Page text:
Directed by: #ImmanuelDube
Written by: #SophieSmart
Short Film Review by #ChrisBuick
Based on the real-life story of a couple known to the film's writer Sophie Smart, #shortfilm Broken tells the heart-breaking tale of David and Amanda, a couple trying desperately to hold on to whatever is left of their relationship while they continue to struggle in their efforts to conceive a child.
Having undergone three rounds of in vitro fertilisation already and now facing the daunting expense of a fourth, they are desperate for something or someone to give them even a chance of hope. But when their doctor informs them that their chance at a happy ending is highly unlikely at their age, the devastation of that news leads to a downward spiral that could pull them apart for good.
Smart and Dube had worked on a project together previously (Smart was art director on 2018 short film Virtual Brutality with Dube taking on boom operator duties for the same film), but Broken marks their first true collaboration as filmmakers in their own right, with Broken being their debut outing as writer and director respectively. And while both do show great promise in their roles, there are a few bolts that could do with tightening here and there.
First and foremost, there isn’t actually any aspect of Broken that is...well...broken. The camerawork, the editing, the performances, they all undoubtedly achieve their purpose, but it’s all very, very functional, almost clinical, with nary a bell or whistle in sight. The sound mixing is perhaps the weakest link here, as scratchy static becomes an obvious and unwelcome nuisance, most notably in the beginning but does persist throughout when not masked by the films subtle score.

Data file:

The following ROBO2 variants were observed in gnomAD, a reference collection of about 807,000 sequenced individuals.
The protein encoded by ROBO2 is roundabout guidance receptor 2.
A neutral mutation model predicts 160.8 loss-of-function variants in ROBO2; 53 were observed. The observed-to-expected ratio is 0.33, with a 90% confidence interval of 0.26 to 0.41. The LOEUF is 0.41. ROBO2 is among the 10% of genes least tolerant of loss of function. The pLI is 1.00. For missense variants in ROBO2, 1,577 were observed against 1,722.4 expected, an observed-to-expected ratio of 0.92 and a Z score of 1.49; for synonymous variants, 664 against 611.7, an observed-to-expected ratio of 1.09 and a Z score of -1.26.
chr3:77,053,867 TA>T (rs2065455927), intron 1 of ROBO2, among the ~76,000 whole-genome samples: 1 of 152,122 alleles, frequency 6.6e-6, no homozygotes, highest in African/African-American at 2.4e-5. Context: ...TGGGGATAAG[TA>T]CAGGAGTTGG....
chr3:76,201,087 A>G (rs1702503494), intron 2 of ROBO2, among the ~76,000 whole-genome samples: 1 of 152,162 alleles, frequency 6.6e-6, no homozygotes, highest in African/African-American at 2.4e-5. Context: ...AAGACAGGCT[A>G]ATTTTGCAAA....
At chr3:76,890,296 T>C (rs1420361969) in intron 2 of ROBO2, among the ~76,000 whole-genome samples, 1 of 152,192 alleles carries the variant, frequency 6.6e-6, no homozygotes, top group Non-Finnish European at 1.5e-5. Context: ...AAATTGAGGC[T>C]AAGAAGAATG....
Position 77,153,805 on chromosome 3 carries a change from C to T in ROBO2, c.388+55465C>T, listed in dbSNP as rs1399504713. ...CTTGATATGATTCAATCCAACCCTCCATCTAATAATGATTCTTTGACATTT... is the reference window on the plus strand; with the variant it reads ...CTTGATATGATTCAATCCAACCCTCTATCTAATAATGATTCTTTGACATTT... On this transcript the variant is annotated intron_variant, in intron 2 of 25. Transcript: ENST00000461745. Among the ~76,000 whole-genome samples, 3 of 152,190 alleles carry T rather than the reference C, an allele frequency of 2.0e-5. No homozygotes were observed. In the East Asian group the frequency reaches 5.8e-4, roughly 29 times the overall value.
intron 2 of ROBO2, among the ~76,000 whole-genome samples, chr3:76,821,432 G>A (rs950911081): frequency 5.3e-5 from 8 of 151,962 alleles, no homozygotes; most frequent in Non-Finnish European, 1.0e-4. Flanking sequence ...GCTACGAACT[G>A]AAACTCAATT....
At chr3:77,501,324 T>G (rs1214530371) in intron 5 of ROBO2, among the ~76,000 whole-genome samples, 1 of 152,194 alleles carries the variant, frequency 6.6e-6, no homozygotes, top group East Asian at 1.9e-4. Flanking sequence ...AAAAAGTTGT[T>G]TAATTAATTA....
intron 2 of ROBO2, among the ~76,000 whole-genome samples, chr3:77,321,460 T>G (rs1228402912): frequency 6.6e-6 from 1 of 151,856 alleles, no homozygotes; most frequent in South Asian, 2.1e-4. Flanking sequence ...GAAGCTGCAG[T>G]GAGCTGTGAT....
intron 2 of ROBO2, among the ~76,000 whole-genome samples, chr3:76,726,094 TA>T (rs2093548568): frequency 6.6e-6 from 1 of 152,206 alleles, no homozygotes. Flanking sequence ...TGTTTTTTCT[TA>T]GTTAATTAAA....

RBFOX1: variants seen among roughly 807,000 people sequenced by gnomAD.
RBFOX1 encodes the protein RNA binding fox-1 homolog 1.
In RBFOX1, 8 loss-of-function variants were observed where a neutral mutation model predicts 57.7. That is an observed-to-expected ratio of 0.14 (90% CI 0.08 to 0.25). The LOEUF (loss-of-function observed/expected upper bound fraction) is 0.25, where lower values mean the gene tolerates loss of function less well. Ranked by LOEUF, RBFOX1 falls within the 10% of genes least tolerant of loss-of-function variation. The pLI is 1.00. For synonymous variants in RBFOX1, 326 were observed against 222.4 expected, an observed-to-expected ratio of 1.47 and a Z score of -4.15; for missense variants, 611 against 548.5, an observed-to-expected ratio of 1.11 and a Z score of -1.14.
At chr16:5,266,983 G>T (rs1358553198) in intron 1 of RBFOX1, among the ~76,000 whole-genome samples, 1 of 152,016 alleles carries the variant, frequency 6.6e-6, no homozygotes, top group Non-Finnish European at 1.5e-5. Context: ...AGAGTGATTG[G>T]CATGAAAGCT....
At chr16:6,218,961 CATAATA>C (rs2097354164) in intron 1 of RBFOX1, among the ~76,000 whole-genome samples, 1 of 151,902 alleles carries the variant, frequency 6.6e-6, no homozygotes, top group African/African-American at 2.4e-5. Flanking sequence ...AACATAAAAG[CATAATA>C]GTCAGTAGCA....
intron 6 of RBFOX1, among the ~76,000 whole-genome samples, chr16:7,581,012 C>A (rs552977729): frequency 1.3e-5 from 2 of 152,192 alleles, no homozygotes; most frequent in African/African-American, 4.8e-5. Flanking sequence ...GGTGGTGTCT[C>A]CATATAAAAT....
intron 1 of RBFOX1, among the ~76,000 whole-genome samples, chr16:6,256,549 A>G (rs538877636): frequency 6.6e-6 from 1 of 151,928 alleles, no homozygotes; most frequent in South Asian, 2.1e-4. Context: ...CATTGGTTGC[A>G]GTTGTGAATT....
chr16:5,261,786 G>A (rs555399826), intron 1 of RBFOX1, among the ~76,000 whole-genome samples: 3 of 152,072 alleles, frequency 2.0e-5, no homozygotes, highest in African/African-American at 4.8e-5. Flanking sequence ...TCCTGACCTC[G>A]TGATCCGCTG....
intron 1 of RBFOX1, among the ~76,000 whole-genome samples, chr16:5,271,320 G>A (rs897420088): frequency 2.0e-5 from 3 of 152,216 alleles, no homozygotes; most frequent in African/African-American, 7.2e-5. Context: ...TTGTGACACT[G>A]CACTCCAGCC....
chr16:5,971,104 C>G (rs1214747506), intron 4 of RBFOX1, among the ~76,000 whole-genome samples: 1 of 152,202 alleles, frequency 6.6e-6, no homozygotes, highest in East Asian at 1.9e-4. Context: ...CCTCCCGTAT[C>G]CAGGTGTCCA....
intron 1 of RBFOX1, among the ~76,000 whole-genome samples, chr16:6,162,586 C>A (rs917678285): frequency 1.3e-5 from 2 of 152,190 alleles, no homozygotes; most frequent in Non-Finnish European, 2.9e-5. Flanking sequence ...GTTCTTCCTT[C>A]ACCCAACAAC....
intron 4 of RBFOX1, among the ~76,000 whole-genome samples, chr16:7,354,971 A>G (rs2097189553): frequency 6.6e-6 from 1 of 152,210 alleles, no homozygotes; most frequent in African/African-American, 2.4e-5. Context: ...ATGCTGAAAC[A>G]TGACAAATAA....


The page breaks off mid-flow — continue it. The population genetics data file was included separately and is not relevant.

However, Smart and Dube shouldn’t worry as it's clear that with time, practice and determination, their obvious potential will come to fruition. What’s important is that they have made sure that the aspect of the film that does stand out is the part that matters most; the story. This extremely delicate (and frankly under-represented) topic is handled with an applaudable sense of grace and sensitivity and while one could argue that it maybe could have dug a little bit deeper, the writing combined with a pair of decent performances from both Price and Daly it still manages strike the right chord.
Broken manages to do everything it sets out to do with a decent amount of efficiency, but never really threatens to set the world on fire at any point. That being said, it manages to handle its import subject matter with a commendable amount of respect and compassion. For first time filmmakers, both Smart and Dube have shown that they might have a knack for storytelling and with persistence the rest should naturally fall into place.